How to keep your skin looking good

How to keep your skin looking good

With spring’s arrival and summer just around the corner the sunshine is as enticing as ever. But always be aware that those increased hours in the sunlight also deliver increased risk for skin cancer.

May is Skin Cancer Awareness Month, and our skin care professionals at Marshall Dermatology encourage everyone to make sure their skin is “Looking Good in 2016” by practicing skin cancer prevention and performing regular skin self-exams.

Skin cancer is the most common cancer in the United States, affecting one in five Americans, according to the American Academy of Dermatology. In fact, it is estimated that more than 8,500 people are diagnosed with skin cancer every day, and one person dies from melanoma, the deadliest form of skin cancer, every hour. Fortunately, there are steps you can take to reduce your risk of skin cancer and detect it in its earliest stages.

Here are some of my favorite sun-safety tips to make sure your skin is “looking good:”

  • Seek shade when appropriate. The sun’s rays are strongest between 10 a.m. and 2 p.m. If your shadow is shorter than you are, seek shade.
  • Use sunscreen. Apply a broad-spectrum, water-resistant sunscreen with an SPF of 30 or higher to all exposed skin. Apply at least 15 minutes before sun exposure, and reapply every two hours or after swimming or sweating.
  • Wear protective clothing, such as a long-sleeved shirt, pants, a wide-brimmed hat and sunglasses, when possible.
  • Know your skin’s condition. Asking yourself these skin protection and skin cancer prevention questions may be a life-saving decision.
    • When was the last time I took a good look at my skin?
    • Has it been a while since my doctor or I have given it more than a cursory glance?
    • What about those hard-to-see areas, such as my back or the top of my head?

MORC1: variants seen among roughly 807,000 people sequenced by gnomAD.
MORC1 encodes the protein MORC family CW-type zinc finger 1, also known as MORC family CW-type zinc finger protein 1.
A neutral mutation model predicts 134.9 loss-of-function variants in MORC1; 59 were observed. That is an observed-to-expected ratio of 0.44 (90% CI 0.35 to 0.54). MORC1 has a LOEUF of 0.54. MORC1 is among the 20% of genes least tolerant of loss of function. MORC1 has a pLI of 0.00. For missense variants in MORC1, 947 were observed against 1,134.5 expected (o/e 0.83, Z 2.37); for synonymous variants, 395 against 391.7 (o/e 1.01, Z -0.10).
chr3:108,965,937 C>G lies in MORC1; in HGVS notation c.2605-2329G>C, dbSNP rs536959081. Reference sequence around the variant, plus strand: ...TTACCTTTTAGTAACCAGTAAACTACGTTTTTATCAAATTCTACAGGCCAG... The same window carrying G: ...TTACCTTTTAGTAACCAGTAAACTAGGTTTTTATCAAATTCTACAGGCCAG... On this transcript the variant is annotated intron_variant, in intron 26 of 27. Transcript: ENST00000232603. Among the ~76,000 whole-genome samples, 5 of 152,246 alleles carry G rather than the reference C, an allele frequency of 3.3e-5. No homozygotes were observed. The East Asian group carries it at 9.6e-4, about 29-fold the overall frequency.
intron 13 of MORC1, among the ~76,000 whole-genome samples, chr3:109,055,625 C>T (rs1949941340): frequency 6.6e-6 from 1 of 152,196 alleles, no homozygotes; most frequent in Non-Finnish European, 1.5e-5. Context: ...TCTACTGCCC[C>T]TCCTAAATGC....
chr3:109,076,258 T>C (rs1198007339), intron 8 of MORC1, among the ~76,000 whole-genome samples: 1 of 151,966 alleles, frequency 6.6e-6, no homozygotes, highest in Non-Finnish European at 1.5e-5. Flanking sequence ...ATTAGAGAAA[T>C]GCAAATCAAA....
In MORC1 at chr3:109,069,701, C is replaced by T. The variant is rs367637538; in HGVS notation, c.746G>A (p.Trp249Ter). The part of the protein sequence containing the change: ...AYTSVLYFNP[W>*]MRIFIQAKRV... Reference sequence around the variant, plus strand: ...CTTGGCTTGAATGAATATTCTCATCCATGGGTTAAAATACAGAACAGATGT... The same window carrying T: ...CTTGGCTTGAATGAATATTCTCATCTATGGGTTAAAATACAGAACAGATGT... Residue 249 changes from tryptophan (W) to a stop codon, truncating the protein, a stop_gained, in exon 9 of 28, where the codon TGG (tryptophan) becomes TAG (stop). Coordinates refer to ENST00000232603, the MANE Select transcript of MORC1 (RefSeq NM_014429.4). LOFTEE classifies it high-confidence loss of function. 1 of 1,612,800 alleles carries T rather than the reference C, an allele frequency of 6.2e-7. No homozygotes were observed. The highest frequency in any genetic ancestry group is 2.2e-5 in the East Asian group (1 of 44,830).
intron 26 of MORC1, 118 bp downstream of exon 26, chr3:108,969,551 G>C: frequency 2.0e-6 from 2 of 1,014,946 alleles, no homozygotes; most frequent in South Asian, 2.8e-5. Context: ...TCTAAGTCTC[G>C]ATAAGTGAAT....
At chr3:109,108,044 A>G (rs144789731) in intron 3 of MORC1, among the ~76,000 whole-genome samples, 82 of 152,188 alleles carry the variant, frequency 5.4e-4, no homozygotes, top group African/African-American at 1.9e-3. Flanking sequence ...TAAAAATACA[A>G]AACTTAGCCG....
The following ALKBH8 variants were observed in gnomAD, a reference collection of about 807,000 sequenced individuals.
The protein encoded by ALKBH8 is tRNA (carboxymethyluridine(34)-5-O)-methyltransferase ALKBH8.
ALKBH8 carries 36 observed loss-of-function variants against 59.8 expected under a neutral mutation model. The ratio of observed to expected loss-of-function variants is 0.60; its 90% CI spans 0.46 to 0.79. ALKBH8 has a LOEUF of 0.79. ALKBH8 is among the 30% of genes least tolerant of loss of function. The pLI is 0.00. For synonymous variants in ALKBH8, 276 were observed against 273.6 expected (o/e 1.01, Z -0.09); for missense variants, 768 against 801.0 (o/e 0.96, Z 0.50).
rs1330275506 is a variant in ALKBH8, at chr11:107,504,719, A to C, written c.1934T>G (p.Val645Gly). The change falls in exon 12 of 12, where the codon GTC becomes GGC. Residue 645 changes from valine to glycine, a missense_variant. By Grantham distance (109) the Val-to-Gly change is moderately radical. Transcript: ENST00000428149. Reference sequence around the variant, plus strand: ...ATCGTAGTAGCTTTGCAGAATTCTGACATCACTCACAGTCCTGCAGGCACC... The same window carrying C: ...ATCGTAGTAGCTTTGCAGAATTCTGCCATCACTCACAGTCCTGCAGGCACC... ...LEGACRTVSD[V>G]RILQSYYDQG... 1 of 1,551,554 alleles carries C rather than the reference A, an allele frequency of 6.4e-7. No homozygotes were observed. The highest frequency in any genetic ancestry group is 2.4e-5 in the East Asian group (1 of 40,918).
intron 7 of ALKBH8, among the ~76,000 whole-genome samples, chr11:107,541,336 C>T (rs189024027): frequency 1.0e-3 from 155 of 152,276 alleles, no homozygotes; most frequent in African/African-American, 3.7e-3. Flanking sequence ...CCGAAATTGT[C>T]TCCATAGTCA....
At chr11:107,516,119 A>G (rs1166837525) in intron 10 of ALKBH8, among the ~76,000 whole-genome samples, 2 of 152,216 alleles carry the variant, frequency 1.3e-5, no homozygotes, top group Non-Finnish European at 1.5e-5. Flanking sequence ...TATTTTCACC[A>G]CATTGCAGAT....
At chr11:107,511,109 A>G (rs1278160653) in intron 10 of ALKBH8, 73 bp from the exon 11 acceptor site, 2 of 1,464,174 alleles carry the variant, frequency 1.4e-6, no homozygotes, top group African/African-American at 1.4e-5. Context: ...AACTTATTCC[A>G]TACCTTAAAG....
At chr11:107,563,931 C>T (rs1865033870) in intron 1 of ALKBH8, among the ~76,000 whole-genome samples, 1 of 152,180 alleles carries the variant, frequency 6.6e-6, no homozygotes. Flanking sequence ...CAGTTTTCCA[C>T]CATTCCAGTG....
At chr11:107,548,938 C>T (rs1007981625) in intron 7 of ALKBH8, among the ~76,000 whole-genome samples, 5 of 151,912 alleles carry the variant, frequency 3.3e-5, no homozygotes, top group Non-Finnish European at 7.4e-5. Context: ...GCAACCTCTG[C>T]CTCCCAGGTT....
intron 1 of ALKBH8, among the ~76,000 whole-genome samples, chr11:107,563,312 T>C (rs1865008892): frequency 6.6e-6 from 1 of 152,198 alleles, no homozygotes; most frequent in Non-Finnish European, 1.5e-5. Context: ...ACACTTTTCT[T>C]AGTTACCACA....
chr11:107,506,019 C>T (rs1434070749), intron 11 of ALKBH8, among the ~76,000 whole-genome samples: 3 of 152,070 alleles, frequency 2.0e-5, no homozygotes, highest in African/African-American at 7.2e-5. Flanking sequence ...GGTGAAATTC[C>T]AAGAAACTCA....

Who's Got Your Back?

Who's Got Your Back? (click to view)

Skin cancer is highly treatable when detected early, so watch for new or changing spots on your skin and make an appointment with a board-certified dermatologist if you see anything suspicious. To reduce your risk of skin cancer and keep your skin looking good, make sure to protect yourself from the sun’s harmful ultraviolet rays and stay out of indoor tanning beds.

This Skin Cancer Awareness Month, make a commitment to skin cancer prevention and detection.

  • Perform regular skin self-exams. Look for spots that are different from the others, and watch for anything changing, itching or bleeding. Make sure to check your entire body, and ask someone you trust to help you examine hard-to-see areas like your back.
  • Look for the ABCDEs of melanoma. Examine your moles for the following characteristics:
    • Asymmetry – one half doesn’t match the other
    • Border irregularity – the edges are ragged, notched or blurred
    • Color that varies from one area to another
    • Diameter – melanomas are usually greater than 6 millimeters (the size of a pencil eraser) when diagnosed, though they can be smaller
    • Evolving – look for changes in size, shape or color

Don’t hesitate to contact our team at Marshall Dermatology at 304-529-0900 to discuss any suspicious spots on your skin, learn how to perform a skin self-exam or for more skin cancer prevention and detection tips. We’re here to help, and we want you to safely enjoy the outdoors and the sunny, warm weather.


Charles Yarbrough, MD

Dr. Yarbrough is a board-certified dermatologist with Marshall Dermatology, a department of Marshall Health, and professor and chair of the dermatology department at the Marshall University Joan C. Edwards School of Medicine. Practicing for more than 40 years, he specializes in all forms of skin cancer, acne, dermatitis, psoriasis, laser treatments, general dermatology.